10. 10. CLF <ul><li>COSTS </li></ul><ul><li>Average total cost for Case management (CM) and Purchase of Service (POS) for all clients (not just those receiving POS), including all levels of case management: $534/month* </li></ul><ul><ul><li>Taken from FY 0708, 292 clients </li></ul></ul><ul><ul><li>Includes Intensive, stable and low-level CM needs </li></ul></ul><ul><li>Average cost of POS per client (all, not just those receiving POS) is approximately $185/month </li></ul><ul><li>Of all those who receive POS, 80% have an average cost of: below $500/month* </li></ul><ul><li>* Those over $3000/month are for large ticket items like a StairCarry </li></ul>
  11. 11. Electronic ROLODEX <ul><li>The Electronic ROLODEX is a web-based application developed by the Department of Public Health’s IT department for staff from community-based organizations participating in the Case Management Connect Pilot Project (CMCPP). CMCPP is a demonstration project in which selected case management programs are partnering to develop a formal organization through which they can coordinate case management services for the clients that they serve. </li></ul><ul><li>Electronic ROLODEX was developed to meet the following objectives: </li></ul><ul><li>Provide online tool for identifying and coordinating case management services. </li></ul>
  12. 12. The purpose of the Electronic Rolodex is to reduce duplication for both staff and clients, improve client outcomes, enable analyses of clients’ utilization across citywide services, and help evaluate and measure impact for San Francisco’s vulnerable older adults and adults with disabilities.
  13. 13. Diversion and Community Integration Program (DCIP) The DCIP Unit Purpose: To provide an integrated approach for individuals referred for admission to and diversion and discharge from Laguna Honda Hospital (LHH), with the goal of placing those individuals in the most integrated setting appropriate to their needs and preferences. DCIP makes decisions about LTC access to services, including LHH admissions and discharges, and access to housing and other community-based services. The Core Group of the DCIP is a decision making body capable of authorizing and committing to service needs.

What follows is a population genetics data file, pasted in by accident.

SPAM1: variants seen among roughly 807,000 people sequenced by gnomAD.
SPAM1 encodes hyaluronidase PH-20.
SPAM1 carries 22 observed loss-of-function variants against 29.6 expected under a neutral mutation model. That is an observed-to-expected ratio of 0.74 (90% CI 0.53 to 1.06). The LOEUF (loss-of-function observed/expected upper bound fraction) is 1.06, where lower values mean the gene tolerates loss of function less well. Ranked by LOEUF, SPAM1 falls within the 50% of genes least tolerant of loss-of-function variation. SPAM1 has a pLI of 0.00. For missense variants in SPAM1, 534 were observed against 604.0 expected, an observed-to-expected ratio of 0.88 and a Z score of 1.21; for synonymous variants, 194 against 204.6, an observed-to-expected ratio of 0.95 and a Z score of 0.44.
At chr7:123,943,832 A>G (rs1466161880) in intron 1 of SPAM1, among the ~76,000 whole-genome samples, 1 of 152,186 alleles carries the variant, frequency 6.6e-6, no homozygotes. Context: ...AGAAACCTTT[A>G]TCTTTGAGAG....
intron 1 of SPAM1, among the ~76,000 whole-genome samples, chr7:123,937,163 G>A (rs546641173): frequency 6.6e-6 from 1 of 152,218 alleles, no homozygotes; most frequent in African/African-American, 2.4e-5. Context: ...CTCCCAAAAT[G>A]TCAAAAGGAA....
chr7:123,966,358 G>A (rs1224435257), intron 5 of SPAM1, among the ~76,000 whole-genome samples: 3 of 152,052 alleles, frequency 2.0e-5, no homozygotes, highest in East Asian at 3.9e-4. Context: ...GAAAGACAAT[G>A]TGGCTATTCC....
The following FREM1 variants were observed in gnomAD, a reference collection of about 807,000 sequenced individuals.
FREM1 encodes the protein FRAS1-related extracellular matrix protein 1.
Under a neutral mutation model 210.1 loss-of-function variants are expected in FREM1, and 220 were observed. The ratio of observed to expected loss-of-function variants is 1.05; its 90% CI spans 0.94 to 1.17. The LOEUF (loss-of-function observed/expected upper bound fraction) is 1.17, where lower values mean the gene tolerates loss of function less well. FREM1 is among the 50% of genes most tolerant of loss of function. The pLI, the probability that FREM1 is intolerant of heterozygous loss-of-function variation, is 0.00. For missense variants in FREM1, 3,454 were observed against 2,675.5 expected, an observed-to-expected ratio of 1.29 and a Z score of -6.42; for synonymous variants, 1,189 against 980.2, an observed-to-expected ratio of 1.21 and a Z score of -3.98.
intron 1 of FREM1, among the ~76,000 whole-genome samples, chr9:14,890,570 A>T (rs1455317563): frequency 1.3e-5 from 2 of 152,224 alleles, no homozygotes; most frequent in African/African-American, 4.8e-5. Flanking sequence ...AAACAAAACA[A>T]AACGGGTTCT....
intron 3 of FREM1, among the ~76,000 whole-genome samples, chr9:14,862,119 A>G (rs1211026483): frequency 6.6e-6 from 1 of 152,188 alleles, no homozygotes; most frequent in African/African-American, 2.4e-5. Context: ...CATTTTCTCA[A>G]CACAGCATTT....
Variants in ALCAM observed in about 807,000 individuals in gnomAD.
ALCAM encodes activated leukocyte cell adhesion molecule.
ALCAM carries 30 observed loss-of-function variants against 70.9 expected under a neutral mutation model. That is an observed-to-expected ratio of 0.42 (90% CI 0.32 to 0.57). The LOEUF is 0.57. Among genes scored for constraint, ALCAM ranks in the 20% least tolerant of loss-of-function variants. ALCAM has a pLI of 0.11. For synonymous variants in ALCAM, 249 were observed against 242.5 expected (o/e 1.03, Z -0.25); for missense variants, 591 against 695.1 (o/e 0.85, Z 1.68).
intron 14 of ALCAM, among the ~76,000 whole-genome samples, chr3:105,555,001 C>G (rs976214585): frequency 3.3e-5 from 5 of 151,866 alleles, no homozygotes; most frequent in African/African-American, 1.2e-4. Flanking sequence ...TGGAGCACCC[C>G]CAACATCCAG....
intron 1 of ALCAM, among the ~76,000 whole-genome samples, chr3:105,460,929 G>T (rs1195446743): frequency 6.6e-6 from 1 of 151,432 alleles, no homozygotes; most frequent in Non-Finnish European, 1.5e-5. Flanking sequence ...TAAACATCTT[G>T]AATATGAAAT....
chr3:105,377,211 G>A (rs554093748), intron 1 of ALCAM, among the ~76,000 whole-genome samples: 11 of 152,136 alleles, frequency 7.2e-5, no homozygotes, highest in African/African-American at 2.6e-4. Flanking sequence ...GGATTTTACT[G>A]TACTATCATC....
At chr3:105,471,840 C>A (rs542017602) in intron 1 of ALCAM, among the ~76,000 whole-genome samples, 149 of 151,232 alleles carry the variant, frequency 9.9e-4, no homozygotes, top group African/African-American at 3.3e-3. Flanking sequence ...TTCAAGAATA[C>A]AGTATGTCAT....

14. 14. DCIP TEAM INCLUDES <ul><li>The DCIP Coordinator – DAAS </li></ul><ul><li>The Core Group of the DCIP: (provides access to services) </li></ul><ul><ul><li>DAAS IHSS – Home Care Services </li></ul></ul><ul><ul><li>DPH Housing and Urban Health – Housing </li></ul></ul><ul><ul><li>DPH Behavioral/mental health services </li></ul></ul><ul><ul><li>Community Oriented Primary Care Clinics – Access to community primary care services </li></ul></ul><ul><ul><li>SF Behavioral Health Center – Behavioral/mental health </li></ul></ul><ul><ul><li>DAAS LTC Intake and Screening Unit – Community LTC services </li></ul></ul><ul><ul><li>LHH Administration: LHH Admissions, Eligibility and Screening Committee (A&E): </li></ul></ul><ul><ul><li>DPH Placement – short and long-term access to Residential Care For the Elderly, residential treatment etc. </li></ul></ul>
  15. 15. DCIP TEAM cont. <ul><li>LHH Admission, Eligibility and Screening (A&E) </li></ul><ul><li>DAAS Waiver Specialist </li></ul><ul><li>Discharge/Case Management Staff and Liaisons: </li></ul><ul><ul><li>Targeted Case Management staff at LHH and SFGH </li></ul></ul><ul><ul><li>DPH Placement staff at SFGH </li></ul></ul><ul><ul><li>LPHH Social Services </li></ul></ul><ul><ul><li>Community Living Fund, Community Case Management </li></ul></ul><ul><ul><li>Other community partners, as appropriate </li></ul></ul><ul><li>DAAS Director of Quality Management Services </li></ul>
  16. 16. DCIP Process Flow Chart